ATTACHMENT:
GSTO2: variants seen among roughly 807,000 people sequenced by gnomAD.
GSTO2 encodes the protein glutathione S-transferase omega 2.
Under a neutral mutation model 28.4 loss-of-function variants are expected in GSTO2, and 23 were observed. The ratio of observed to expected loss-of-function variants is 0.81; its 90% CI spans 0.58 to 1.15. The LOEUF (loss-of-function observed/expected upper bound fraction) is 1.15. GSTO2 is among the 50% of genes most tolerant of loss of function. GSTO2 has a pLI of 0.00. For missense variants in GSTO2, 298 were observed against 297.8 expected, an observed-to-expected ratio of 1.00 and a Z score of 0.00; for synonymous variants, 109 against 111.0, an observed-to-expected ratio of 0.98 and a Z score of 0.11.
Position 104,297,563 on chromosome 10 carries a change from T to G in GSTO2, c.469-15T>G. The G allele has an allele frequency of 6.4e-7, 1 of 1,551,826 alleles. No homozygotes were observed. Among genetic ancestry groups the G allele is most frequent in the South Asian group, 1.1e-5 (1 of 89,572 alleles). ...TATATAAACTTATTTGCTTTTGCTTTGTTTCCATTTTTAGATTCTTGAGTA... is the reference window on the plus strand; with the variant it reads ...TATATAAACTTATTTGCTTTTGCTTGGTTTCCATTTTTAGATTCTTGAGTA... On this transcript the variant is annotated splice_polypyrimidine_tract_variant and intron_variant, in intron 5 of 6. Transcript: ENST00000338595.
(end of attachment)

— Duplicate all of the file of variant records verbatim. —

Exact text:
GSTO2: variants seen among roughly 807,000 people sequenced by gnomAD.
GSTO2 encodes the protein glutathione S-transferase omega 2.
Under a neutral mutation model 28.4 loss-of-function variants are expected in GSTO2, and 23 were observed. The ratio of observed to expected loss-of-function variants is 0.81; its 90% CI spans 0.58 to 1.15. The LOEUF (loss-of-function observed/expected upper bound fraction) is 1.15. GSTO2 is among the 50% of genes most tolerant of loss of function. GSTO2 has a pLI of 0.00. For missense variants in GSTO2, 298 were observed against 297.8 expected, an observed-to-expected ratio of 1.00 and a Z score of 0.00; for synonymous variants, 109 against 111.0, an observed-to-expected ratio of 0.98 and a Z score of 0.11.
Position 104,297,563 on chromosome 10 carries a change from T to G in GSTO2, c.469-15T>G. The G allele has an allele frequency of 6.4e-7, 1 of 1,551,826 alleles. No homozygotes were observed. Among genetic ancestry groups the G allele is most frequent in the South Asian group, 1.1e-5 (1 of 89,572 alleles). ...TATATAAACTTATTTGCTTTTGCTTTGTTTCCATTTTTAGATTCTTGAGTA... is the reference window on the plus strand; with the variant it reads ...TATATAAACTTATTTGCTTTTGCTTGGTTTCCATTTTTAGATTCTTGAGTA... On this transcript the variant is annotated splice_polypyrimidine_tract_variant and intron_variant, in intron 5 of 6. Transcript: ENST00000338595.